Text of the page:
It’s amazing what people throw away…
Crispin Tredarloe never meant to become a warlock. Freed from his treacherous master, he’s learning how to use his magical powers the right way. But it’s brutally hard work. Not everyone believes he’s a reformed character, and the strain is putting unbearable pressure on his secret relationship with waste-man Ned Hall.
Ned’s sick of magic. Sick of the trouble it brings, sick of its dangerous grip on Crispin and the miserable look it puts in his eyes, and sick of being afraid that a gentleman magician won’t want a street paper-seller forever—or even for much longer.
But something is stirring among London’s forgotten discards. An ancient evil is waking up and seeking its freedom. And when wild magic hits the rag-and-bottle shop where Ned lives, a panicked Crispin falls back onto bad habits. The embattled lovers must find a way to work together—or London could go up in flames.
This story is set in the world of the Charm of Magpies series.
They got in hot mutton pies from the shop on Dyott Street that Ned supplied with waste. It was easier than going out to eat, and more discreet, considering everything they couldn’t talk about in public.
“So I have to see if this new teacher will be any good,” Crispin concluded his lengthy monologue. Ned had listened patiently, as he always did. “Or, if I’ll be any good, more like.”
“I don’t get it.” Ned brushed crumbs off his trousers. They were both sitting on stacks of waste, using the piles of manuscripts, letters, prospectuses, and forgotten legal documents as furniture because Ned had neither the space nor the funds for things like chairs. He had a bed, a gimcrack chest of drawers, incredible amounts of paper, and very little else, and he was the most contented man Crispin knew. “I’ve seen you do magic. We both know you can do magic.”
“I can. But…” Crispin had tried to explain this more than once. “Look, you’re a waste-man. You know how to buy waste, how much to pay, who to sell it to, how to turn a profit. Well, suppose I told you to get on the Stock Exchange and make a fortune? It’s all buying and selling, isn’t it? You know how to do that, so why couldn’t you do it with stocks and shares?” He gave Ned a hopeful look.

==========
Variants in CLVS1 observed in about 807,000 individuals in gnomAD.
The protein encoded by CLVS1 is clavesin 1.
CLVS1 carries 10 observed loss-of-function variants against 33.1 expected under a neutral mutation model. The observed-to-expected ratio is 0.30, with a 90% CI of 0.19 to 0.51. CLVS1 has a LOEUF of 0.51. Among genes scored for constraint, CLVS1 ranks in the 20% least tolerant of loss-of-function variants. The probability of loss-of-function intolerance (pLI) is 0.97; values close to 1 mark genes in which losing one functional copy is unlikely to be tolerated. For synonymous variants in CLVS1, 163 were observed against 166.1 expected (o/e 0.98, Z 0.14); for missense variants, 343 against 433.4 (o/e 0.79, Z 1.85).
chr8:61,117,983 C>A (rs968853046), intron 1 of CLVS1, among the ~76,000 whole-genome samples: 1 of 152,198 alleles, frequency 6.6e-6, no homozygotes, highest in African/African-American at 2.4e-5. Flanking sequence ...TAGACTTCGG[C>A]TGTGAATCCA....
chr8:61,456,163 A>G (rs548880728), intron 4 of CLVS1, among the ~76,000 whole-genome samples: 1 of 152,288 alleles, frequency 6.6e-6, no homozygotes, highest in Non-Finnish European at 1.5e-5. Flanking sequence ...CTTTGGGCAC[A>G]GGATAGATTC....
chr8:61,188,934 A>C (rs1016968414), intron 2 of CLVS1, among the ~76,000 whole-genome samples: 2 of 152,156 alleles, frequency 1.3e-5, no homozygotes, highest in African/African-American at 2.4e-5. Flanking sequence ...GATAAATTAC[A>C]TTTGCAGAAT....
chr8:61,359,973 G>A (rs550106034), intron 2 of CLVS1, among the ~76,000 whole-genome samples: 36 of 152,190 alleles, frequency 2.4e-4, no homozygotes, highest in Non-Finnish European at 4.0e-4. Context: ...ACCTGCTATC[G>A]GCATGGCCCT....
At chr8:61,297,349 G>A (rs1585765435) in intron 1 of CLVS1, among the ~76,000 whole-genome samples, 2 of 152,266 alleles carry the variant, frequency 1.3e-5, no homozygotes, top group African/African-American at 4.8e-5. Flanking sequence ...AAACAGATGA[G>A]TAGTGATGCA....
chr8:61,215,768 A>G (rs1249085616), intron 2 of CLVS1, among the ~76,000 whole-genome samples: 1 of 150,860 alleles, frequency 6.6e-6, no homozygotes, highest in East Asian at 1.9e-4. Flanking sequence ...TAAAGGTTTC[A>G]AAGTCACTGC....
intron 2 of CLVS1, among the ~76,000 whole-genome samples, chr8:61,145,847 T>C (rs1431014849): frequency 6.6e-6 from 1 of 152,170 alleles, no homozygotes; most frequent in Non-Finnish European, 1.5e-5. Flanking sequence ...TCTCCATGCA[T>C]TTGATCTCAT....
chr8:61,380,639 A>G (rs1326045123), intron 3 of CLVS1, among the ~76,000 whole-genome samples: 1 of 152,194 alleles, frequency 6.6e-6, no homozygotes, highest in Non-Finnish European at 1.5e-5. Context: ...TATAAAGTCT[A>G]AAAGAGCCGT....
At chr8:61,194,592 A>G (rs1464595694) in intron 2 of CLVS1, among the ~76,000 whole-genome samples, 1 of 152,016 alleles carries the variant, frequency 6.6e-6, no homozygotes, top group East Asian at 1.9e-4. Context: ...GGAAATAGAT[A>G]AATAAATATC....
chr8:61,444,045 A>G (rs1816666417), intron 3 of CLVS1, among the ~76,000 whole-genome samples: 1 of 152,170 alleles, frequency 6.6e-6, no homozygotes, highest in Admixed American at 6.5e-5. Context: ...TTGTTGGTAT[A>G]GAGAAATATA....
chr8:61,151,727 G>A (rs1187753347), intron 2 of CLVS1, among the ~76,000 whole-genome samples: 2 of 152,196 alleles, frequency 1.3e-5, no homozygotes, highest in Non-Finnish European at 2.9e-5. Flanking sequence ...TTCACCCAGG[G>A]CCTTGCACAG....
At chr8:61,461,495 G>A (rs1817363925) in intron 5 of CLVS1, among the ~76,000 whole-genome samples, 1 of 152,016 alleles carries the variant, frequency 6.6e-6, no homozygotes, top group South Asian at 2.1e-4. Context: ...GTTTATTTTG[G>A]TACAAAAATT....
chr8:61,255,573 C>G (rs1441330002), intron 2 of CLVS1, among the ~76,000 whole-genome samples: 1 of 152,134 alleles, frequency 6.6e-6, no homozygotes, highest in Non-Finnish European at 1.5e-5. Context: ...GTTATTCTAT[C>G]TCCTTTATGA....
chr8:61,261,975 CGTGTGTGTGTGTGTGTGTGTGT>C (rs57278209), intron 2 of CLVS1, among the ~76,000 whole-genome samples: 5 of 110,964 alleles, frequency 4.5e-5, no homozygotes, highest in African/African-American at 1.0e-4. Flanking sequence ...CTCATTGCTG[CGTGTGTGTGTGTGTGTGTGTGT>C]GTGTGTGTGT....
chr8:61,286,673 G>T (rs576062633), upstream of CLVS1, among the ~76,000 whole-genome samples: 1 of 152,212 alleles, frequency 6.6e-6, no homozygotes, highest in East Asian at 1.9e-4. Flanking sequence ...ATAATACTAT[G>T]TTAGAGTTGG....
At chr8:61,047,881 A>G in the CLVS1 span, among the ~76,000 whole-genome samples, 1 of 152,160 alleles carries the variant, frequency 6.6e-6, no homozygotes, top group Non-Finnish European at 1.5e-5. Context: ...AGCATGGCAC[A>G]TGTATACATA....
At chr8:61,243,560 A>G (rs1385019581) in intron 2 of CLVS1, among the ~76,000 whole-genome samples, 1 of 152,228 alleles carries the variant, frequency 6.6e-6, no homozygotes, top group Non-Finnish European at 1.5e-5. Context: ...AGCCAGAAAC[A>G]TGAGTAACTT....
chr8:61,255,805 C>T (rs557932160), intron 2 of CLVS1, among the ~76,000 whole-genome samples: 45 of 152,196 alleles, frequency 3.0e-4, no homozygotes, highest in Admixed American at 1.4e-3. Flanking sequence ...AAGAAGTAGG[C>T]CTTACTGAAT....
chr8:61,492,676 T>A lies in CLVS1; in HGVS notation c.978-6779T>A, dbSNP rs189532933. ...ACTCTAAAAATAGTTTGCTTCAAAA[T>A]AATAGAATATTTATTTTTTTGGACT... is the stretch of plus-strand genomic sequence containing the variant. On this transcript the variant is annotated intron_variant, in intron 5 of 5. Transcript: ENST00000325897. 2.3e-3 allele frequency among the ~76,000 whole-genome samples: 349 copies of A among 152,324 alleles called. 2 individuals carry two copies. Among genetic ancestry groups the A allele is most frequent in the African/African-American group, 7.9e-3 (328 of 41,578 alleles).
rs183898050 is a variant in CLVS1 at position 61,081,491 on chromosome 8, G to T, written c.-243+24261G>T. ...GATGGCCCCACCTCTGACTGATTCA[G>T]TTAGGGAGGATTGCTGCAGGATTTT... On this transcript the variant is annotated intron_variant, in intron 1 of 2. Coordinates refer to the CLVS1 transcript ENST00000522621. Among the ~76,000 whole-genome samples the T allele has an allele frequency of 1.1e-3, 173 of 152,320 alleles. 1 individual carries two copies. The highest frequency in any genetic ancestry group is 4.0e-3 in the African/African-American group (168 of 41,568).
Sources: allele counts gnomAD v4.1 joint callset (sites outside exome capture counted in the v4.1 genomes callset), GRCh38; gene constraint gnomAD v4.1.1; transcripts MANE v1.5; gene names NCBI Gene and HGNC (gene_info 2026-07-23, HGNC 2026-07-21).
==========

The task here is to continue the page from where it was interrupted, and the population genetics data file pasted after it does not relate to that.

“I probably could,” Ned said. “If I learned the rules, and if they let my colour into the Exchange, which I wouldn’t bet on. I wasn’t born a waste-man, or even bred one. You learn things.”
Crispin sagged. Ned probably would make a marvellous stockbroker, if it came to that, because he was actually good at things. “Yes, well, I was born with my talents, or lack of them, and the way I was trained to use them isn’t allowed, and I’m no good at learning the new way. I simply can’t make my powers do what I want in the way people want me to. I mean, do you think you could ever learn to draw?”
“No,” Ned said without hesitation.
“You could take lessons. If you had dozens of lessons, I bet you’d be able to turn out a reasonable likeness, but—”
“Not like you.”
That was something Crispin could do. He’d sketched Ned half a dozen times, and himself in the mirror too, on request. Ned had that picture pinned to the wall of his tiny sleeping space. “No. I can take a pen and know how to put what I want on the paper. I can look at you and see how I’d shade your cheekbones in this light, how I’d draw your eyes.” It was the laugh that made Ned’s eyes, the little telltale crease there half the time even when he didn’t seem to be smiling. When Crispin shaded his work, seeking to make his pencil’s grey suggest the rich deep brown of Ned’s skin, he found himself drawing as though Ned’s eyes cast their own light.
Those eyes were on him, warm with amusement, and Crispin realised his fingers had adopted a writing position. He straightened his hand with a touch of self-consciousness. “But even if you tried and tried, it wouldn’t come naturally, or easily. You’d never be able to do what I can do like breathing.” Ned shrugged acknowledgement. “And now imagine you could draw beautifully if you did it a different way but you’re not allowed.”
Ned put an arm round his shoulders. His arms were glorious, thick with muscle, so Crispin had to incline his head to make room. He put up his own slim arm to take Ned’s hand.
“I hear you,” Ned said. “But you aren’t allowed. So it seems to me that you’ve got to do it how they want you to.”
“It’s not fair.” Crispin scuffed the paper dust on the floor, with his boot. “Just because a maniac used graphomancy to kill people—”
“You talking about your Mr. Marleigh, or the one who murdered a pack of peelers this winter?”
“The one this winter.”
Ned sighed. “Missing my point there, Freckles. Be honest, I don’t much like the sound of magic writing or the look of it either. I don’t want you doing stuff with your own blood, let alone someone else’s.” He tugged Crispin’s hand forward so they could both see the truncated little finger. “Don’t tell me anything that starts with chopping bits off yourself is a good idea.”